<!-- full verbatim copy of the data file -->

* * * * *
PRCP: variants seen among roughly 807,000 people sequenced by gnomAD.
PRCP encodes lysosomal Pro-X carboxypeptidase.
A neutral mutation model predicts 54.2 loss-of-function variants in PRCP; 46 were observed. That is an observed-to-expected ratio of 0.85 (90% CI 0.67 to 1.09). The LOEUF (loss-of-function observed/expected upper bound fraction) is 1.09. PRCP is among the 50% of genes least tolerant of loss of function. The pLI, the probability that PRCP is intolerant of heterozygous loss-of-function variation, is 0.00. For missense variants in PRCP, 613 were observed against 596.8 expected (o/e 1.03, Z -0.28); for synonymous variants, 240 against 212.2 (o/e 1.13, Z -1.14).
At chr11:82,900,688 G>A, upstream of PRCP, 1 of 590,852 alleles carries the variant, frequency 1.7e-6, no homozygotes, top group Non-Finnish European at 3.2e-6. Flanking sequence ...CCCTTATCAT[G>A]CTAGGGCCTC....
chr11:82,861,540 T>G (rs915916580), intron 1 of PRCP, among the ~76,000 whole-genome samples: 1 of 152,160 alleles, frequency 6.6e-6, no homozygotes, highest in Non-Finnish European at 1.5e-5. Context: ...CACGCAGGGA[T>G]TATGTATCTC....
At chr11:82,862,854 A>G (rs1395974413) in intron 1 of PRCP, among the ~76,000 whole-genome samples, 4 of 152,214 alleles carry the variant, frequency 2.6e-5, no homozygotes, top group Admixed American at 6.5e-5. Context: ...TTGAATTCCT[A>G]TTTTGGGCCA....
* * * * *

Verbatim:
PRCP: variants seen among roughly 807,000 people sequenced by gnomAD.
PRCP encodes lysosomal Pro-X carboxypeptidase.
A neutral mutation model predicts 54.2 loss-of-function variants in PRCP; 46 were observed. That is an observed-to-expected ratio of 0.85 (90% CI 0.67 to 1.09). The LOEUF (loss-of-function observed/expected upper bound fraction) is 1.09. PRCP is among the 50% of genes least tolerant of loss of function. The pLI, the probability that PRCP is intolerant of heterozygous loss-of-function variation, is 0.00. For missense variants in PRCP, 613 were observed against 596.8 expected (o/e 1.03, Z -0.28); for synonymous variants, 240 against 212.2 (o/e 1.13, Z -1.14).
At chr11:82,900,688 G>A, upstream of PRCP, 1 of 590,852 alleles carries the variant, frequency 1.7e-6, no homozygotes, top group Non-Finnish European at 3.2e-6. Flanking sequence ...CCCTTATCAT[G>A]CTAGGGCCTC....
chr11:82,861,540 T>G (rs915916580), intron 1 of PRCP, among the ~76,000 whole-genome samples: 1 of 152,160 alleles, frequency 6.6e-6, no homozygotes, highest in Non-Finnish European at 1.5e-5. Context: ...CACGCAGGGA[T>G]TATGTATCTC....
At chr11:82,862,854 A>G (rs1395974413) in intron 1 of PRCP, among the ~76,000 whole-genome samples, 4 of 152,214 alleles carry the variant, frequency 2.6e-5, no homozygotes, top group Admixed American at 6.5e-5. Context: ...TTGAATTCCT[A>G]TTTTGGGCCA....